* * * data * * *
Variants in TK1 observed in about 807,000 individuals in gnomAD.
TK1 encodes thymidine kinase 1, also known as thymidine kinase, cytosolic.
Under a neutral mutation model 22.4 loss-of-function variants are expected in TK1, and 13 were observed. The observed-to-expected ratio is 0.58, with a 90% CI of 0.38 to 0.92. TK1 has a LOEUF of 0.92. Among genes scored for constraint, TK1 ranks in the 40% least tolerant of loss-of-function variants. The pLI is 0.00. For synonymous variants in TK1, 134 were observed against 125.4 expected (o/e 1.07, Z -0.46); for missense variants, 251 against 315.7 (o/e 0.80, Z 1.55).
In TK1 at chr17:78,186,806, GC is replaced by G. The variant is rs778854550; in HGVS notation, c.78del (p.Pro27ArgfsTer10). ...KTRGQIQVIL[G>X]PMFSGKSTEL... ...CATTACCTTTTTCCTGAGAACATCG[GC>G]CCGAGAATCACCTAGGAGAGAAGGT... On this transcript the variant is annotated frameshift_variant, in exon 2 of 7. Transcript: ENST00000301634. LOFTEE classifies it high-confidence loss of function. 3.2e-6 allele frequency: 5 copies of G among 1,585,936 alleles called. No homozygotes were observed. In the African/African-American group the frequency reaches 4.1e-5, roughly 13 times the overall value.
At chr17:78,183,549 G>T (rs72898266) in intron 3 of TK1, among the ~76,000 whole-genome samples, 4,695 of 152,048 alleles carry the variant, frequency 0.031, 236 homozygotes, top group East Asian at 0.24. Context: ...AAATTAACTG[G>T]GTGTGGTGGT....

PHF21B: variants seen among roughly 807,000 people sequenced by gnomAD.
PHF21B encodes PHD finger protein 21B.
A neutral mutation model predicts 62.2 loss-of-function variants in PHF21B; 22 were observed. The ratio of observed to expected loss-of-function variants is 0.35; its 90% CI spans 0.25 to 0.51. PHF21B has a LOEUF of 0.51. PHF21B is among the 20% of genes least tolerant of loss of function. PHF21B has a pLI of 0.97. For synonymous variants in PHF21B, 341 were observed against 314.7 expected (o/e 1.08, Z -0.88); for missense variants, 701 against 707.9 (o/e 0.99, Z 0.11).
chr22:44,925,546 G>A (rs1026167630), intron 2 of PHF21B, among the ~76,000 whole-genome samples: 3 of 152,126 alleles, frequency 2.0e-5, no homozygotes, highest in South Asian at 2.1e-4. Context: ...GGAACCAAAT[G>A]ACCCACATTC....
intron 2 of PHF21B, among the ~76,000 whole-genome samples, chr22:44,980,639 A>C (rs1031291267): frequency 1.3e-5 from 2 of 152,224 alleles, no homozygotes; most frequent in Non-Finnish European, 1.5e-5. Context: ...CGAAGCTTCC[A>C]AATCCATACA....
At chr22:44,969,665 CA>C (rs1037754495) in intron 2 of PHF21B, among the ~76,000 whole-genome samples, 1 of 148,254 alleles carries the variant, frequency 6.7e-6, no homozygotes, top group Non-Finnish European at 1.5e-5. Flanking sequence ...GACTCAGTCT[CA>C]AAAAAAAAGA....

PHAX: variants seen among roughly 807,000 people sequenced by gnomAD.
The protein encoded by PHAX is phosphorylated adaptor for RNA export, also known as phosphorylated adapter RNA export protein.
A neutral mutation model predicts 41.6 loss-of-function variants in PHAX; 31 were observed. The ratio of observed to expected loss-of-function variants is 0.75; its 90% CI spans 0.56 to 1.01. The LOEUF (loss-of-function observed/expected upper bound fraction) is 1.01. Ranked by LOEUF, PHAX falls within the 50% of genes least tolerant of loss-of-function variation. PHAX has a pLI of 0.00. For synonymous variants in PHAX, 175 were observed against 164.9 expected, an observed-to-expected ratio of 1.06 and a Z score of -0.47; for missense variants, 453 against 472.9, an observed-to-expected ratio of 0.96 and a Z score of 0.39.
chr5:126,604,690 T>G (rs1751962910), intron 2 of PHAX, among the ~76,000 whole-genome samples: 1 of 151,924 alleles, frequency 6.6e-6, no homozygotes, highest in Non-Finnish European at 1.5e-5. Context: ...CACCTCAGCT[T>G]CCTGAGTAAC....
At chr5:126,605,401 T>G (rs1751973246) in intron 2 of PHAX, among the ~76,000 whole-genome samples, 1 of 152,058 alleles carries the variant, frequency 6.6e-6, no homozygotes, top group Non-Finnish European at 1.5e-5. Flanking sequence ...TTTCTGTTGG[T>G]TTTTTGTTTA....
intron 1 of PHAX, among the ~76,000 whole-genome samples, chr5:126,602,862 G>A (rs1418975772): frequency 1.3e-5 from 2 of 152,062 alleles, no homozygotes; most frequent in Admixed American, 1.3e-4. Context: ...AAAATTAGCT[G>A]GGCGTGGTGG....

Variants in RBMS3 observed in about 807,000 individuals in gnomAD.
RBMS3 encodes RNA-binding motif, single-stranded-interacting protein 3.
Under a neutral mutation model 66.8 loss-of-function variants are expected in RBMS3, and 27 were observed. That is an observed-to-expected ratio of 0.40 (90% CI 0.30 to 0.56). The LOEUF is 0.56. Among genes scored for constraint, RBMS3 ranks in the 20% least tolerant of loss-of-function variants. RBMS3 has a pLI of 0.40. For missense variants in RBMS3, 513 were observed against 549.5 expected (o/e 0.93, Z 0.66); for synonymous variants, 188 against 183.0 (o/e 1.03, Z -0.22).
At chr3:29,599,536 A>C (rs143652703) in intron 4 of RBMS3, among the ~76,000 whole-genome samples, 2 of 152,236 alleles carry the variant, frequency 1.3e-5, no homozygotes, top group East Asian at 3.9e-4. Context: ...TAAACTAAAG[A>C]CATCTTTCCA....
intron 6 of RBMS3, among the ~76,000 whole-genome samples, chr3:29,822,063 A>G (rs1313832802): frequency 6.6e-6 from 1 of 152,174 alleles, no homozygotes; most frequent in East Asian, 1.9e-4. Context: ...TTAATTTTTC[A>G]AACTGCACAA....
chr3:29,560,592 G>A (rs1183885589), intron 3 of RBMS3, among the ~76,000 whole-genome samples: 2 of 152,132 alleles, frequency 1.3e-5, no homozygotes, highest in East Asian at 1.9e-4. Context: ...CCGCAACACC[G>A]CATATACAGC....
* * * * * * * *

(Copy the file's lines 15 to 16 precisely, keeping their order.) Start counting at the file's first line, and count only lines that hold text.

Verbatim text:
chr5:126,604,690 T>G (rs1751962910), intron 2 of PHAX, among the ~76,000 whole-genome samples: 1 of 151,924 alleles, frequency 6.6e-6, no homozygotes, highest in Non-Finnish European at 1.5e-5. Context: ...CACCTCAGCT[T>G]CCTGAGTAAC....
At chr5:126,605,401 T>G (rs1751973246) in intron 2 of PHAX, among the ~76,000 whole-genome samples, 1 of 152,058 alleles carries the variant, frequency 6.6e-6, no homozygotes, top group Non-Finnish European at 1.5e-5. Flanking sequence ...TTTCTGTTGG[T>G]TTTTTGTTTA....